When's the last time you dropped everything for a quick sweat session? What'd you do?

Exploring Vietnam: Day 3: Sidestreets in Saigon and the Train to Hanoi

After the hustle and bustle of the previous day, Joe and I decided to head off the tourist track and veer away from the map's suggestions. We picked a direction (South), put away the map and started walking!

If you're a longtime reader of this blog, you'll know that Joe has been a long-time manager/ operations assistant/ social media guru/ wafel-slinger at Wafels & Dinges here in NYC. When we came across this sweet lady selling Vietnamese street wafels, we HAD to give them a try! 

The US Wafel Ambassador meets with the Vietnamese Wafel ambassador to discuss tricks of the trade. 

 Sweet, chewy, delicious!


The further away from the tourist district we wandered, the more colorful and exciting things became!

After purposely getting lost for an hour or so, I convinced Joe to stop at a sidewalk cafe for some ca phe sua da (iced coffee with sweetened condensed milk).

Everywhere you go in Vietnam, you'll find plastic kiddie-sized furniture and a sweet old lady serving up some frosty beverages!

Notice all the men relaxing in the background? This is a common theme in Vietnam- a sentiment echoed to me in conversations with both Vietnamese men and women- anywhere you see a man relaxing, you'll see a woman hard at work nearby.

Though we had a serious language barrier (my Vietnamese is terrible and she spoke no English)- the lady running this little sidewalk corner joint took good care of Joe and I, moving us out of the sun when the clouds moved, making sure we had comfortable chairs, showing me how to properly tie the scarf on my straw hat, and attentively watching as I applied sunblock (which she thought was hilarious). And probably the best part of all- not overcharging us. I think we paid 24,000 VND for two iced coffees (appx $0.70 USD each)- it's common to charge Westerners up to double for the same services and goods- considering the average income of a Vietnamese family (even when adjusted for cost of living), this may be more fair than you think, but no one likes feeling like they're getting ripped off. As I stood up from my table, a gust of wind blew my hat into the middle of a treacherous intersection, and out of nowhere, a bystander dashed into the road, dodging motorbikes left and right, swooped up my hat, returned safely and dusted it off before placing it on my head for me, smiling and walking off. Hospitality at its finest, folks.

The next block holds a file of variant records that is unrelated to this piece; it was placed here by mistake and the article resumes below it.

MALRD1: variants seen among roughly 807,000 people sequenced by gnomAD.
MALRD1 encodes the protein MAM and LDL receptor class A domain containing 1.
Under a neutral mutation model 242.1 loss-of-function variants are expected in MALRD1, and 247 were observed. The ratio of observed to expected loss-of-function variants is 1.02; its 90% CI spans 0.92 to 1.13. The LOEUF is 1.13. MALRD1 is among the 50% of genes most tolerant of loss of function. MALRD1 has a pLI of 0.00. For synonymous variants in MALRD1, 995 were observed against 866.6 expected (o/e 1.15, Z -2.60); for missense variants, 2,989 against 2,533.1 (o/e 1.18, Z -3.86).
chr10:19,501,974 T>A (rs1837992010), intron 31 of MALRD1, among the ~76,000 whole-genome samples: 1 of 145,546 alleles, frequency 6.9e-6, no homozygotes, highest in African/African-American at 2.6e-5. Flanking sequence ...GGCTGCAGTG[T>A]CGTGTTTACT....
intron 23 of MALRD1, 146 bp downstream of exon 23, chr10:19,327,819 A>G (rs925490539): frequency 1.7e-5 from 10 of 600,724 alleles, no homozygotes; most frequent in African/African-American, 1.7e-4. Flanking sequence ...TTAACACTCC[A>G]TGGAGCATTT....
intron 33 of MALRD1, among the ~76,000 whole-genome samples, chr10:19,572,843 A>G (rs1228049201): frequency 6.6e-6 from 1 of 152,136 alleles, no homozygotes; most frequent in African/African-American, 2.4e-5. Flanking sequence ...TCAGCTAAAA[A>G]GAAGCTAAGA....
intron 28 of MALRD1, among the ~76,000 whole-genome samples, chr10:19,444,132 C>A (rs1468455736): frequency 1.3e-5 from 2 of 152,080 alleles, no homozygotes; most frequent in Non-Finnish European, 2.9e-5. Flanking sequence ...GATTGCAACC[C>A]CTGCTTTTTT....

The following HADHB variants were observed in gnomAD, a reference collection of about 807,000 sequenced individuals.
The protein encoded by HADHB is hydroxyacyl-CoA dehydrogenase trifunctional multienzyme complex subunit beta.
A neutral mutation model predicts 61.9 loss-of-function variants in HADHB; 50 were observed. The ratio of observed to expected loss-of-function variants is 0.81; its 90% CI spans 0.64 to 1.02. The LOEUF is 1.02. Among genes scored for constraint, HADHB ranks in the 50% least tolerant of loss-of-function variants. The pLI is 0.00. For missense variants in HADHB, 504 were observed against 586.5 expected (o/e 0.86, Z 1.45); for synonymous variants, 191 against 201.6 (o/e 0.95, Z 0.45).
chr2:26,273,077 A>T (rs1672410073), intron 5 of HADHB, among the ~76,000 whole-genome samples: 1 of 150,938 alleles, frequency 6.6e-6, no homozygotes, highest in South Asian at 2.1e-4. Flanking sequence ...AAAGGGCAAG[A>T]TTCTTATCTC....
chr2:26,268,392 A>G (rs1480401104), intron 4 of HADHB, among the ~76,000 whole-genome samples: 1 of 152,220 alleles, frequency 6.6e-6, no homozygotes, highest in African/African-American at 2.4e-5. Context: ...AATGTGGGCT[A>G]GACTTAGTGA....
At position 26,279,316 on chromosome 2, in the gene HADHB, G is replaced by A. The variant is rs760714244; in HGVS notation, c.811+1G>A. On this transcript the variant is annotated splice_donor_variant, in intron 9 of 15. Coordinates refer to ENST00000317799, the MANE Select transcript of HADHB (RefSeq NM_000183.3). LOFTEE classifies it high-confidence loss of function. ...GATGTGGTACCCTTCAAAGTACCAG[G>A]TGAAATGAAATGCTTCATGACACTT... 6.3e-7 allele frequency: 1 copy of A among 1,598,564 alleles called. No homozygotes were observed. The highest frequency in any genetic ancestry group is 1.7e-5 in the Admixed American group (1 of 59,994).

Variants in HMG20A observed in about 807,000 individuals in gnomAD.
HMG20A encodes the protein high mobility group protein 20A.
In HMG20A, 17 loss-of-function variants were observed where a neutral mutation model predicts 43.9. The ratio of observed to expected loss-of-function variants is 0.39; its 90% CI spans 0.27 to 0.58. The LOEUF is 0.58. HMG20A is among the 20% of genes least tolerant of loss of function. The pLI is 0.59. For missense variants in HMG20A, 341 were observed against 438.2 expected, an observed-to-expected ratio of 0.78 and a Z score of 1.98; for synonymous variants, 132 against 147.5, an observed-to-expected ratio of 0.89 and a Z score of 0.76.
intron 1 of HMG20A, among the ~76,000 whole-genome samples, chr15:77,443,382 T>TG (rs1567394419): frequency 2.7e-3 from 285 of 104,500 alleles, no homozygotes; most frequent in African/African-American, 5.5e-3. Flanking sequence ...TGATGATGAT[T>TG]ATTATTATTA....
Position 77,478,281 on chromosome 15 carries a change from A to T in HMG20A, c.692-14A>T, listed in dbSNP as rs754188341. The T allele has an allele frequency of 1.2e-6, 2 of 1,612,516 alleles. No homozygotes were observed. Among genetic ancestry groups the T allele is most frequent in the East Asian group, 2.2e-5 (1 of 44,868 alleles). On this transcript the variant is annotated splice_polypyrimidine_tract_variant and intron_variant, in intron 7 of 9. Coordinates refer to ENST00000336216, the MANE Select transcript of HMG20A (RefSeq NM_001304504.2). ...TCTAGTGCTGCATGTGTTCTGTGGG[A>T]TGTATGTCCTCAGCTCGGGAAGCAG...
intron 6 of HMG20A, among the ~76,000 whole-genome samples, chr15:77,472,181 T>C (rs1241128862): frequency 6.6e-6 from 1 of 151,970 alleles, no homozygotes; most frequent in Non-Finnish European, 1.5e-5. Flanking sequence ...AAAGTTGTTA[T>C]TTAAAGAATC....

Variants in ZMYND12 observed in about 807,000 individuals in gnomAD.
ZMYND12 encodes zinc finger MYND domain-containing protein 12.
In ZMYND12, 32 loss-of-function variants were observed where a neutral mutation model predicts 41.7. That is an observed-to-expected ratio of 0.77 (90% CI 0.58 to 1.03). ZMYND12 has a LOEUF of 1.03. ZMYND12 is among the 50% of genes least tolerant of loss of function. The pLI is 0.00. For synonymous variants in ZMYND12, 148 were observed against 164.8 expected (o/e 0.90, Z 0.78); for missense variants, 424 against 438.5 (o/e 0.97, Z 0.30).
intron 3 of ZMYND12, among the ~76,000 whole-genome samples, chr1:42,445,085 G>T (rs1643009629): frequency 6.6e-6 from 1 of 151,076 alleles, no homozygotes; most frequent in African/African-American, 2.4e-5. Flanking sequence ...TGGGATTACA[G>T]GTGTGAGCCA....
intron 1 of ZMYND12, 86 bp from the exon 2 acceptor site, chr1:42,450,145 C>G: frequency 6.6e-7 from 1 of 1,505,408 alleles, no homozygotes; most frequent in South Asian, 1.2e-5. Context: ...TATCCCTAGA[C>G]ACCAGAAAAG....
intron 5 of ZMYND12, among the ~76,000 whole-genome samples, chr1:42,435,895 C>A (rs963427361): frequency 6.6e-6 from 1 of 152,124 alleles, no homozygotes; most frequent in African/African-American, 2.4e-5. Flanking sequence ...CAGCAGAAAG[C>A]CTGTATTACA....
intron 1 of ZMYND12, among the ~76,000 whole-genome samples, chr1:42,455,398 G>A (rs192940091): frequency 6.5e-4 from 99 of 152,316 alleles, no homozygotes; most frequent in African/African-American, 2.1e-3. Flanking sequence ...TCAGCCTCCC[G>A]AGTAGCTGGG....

After an adventurous morning spent among the locals, we wandered back to the tourist track to freshen up, check out of our hotel (the front desk kindly agreed to hold our bags) and set back out for more sightseeing.  

The Ho Chi Minh City Museum is housed in the former Gia Long Palace and contains some beautiful antique pieces from private collections.

Like this gorgeous hand-carved wardrobe, which I want, regardless of the fact that it wouldn't even fit in the front door of my tiny Brooklyn studio apartment. A girl can dream, can't she?

Like most places in Vietnam, where there's shade and relative quiet, you'll find an animal lounging.

One day, I will live in a home with a staircase as grand as this one...

...If only so I can pose like this at the top of it. 

Oh hai, water buffalo.

Joe won't admit it, but he wants these stairs, too.

Refreshed by the shady, slow-paced museum (complete with free clean bathrooms- BOOM!) we were ready to find some lunch! We wandered for a bit and then stumbled across Dong Hoa Xuan

I got the Bahn Canh Cua.

Joe rocked the Banh Tom.

Yes... that's my second/third-ish iced coffee for the day and it's only lunchtime, but who's counting? Check out the rice noodles, sprouts and lettuce wraps to start! Yum!

This soup rocked me to my core. Savory, sweet, a bit spicy and not too complex.